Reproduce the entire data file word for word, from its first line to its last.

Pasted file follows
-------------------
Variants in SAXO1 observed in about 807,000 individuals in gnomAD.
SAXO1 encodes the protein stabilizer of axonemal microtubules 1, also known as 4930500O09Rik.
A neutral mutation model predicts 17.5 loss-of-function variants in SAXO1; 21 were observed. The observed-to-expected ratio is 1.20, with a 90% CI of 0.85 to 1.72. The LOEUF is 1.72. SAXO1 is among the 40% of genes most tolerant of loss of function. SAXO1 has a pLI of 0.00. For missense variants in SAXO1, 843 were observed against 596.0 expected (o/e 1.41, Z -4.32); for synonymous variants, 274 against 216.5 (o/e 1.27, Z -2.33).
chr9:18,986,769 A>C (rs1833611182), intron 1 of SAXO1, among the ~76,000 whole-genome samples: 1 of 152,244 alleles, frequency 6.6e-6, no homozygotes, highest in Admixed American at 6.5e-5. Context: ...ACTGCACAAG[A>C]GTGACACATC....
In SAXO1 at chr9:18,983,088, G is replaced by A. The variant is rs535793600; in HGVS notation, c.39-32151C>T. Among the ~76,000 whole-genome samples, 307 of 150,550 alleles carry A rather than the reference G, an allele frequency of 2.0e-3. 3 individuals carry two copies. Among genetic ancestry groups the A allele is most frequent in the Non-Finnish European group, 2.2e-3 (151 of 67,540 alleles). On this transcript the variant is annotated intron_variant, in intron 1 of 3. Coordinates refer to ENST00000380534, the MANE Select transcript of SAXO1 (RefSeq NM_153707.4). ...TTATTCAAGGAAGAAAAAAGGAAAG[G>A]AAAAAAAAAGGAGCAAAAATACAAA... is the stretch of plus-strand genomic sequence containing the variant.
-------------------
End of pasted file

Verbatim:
Variants in SAXO1 observed in about 807,000 individuals in gnomAD.
SAXO1 encodes the protein stabilizer of axonemal microtubules 1, also known as 4930500O09Rik.
A neutral mutation model predicts 17.5 loss-of-function variants in SAXO1; 21 were observed. The observed-to-expected ratio is 1.20, with a 90% CI of 0.85 to 1.72. The LOEUF is 1.72. SAXO1 is among the 40% of genes most tolerant of loss of function. SAXO1 has a pLI of 0.00. For missense variants in SAXO1, 843 were observed against 596.0 expected (o/e 1.41, Z -4.32); for synonymous variants, 274 against 216.5 (o/e 1.27, Z -2.33).
chr9:18,986,769 A>C (rs1833611182), intron 1 of SAXO1, among the ~76,000 whole-genome samples: 1 of 152,244 alleles, frequency 6.6e-6, no homozygotes, highest in Admixed American at 6.5e-5. Context: ...ACTGCACAAG[A>C]GTGACACATC....
In SAXO1 at chr9:18,983,088, G is replaced by A. The variant is rs535793600; in HGVS notation, c.39-32151C>T. Among the ~76,000 whole-genome samples, 307 of 150,550 alleles carry A rather than the reference G, an allele frequency of 2.0e-3. 3 individuals carry two copies. Among genetic ancestry groups the A allele is most frequent in the Non-Finnish European group, 2.2e-3 (151 of 67,540 alleles). On this transcript the variant is annotated intron_variant, in intron 1 of 3. Coordinates refer to ENST00000380534, the MANE Select transcript of SAXO1 (RefSeq NM_153707.4). ...TTATTCAAGGAAGAAAAAAGGAAAG[G>A]AAAAAAAAAGGAGCAAAAATACAAA... is the stretch of plus-strand genomic sequence containing the variant.